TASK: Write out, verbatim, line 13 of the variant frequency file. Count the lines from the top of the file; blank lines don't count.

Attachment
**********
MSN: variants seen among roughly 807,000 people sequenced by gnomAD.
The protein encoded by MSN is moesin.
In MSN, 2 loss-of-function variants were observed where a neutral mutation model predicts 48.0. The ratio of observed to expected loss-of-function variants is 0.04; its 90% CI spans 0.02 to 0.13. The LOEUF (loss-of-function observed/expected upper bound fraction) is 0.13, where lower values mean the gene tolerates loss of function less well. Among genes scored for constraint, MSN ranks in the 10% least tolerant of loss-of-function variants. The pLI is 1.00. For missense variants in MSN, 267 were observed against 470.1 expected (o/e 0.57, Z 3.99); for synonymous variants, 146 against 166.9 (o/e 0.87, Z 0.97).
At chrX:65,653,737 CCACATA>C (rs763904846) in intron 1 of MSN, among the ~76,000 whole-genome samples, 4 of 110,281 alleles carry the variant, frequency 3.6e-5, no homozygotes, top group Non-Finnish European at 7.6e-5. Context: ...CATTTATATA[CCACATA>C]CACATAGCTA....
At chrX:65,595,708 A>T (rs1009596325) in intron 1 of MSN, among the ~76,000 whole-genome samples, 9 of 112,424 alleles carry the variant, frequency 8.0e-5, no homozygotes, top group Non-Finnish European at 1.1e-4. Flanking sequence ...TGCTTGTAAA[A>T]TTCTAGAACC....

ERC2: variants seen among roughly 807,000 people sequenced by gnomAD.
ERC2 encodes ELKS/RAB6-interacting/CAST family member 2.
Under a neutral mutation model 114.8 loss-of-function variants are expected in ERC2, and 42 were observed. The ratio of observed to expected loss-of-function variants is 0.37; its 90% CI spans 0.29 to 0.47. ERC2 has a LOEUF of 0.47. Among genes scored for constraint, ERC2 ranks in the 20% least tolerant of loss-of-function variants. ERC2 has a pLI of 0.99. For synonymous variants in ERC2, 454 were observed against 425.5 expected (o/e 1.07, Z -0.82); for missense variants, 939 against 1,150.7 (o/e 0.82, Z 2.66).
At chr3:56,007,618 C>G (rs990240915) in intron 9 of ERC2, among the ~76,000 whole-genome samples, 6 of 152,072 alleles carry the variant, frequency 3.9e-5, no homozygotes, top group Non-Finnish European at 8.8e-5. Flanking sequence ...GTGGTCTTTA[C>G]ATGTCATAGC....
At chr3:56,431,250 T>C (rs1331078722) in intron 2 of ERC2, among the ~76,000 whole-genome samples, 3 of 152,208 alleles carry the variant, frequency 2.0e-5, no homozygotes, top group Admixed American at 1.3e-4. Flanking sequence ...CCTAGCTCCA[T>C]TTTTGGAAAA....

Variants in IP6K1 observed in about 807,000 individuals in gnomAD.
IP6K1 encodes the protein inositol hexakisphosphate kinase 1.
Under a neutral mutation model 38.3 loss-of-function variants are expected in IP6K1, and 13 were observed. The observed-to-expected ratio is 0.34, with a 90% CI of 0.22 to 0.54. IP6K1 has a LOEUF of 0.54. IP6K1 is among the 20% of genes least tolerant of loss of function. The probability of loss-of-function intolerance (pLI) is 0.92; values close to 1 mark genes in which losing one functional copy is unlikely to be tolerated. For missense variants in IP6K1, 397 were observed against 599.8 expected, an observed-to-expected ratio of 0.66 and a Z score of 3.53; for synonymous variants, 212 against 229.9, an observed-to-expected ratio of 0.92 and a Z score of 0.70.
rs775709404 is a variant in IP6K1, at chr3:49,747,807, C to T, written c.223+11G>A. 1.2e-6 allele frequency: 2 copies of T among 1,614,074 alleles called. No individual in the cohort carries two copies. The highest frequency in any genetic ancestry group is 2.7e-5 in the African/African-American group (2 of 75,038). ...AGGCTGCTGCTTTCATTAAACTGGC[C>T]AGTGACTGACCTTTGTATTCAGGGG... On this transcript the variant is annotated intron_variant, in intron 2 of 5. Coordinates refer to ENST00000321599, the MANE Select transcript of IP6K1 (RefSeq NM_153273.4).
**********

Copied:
Under a neutral mutation model 38.3 loss-of-function variants are expected in IP6K1, and 13 were observed. The observed-to-expected ratio is 0.34, with a 90% CI of 0.22 to 0.54. IP6K1 has a LOEUF of 0.54. IP6K1 is among the 20% of genes least tolerant of loss of function. The probability of loss-of-function intolerance (pLI) is 0.92; values close to 1 mark genes in which losing one functional copy is unlikely to be tolerated. For missense variants in IP6K1, 397 were observed against 599.8 expected, an observed-to-expected ratio of 0.66 and a Z score of 3.53; for synonymous variants, 212 against 229.9, an observed-to-expected ratio of 0.92 and a Z score of 0.70.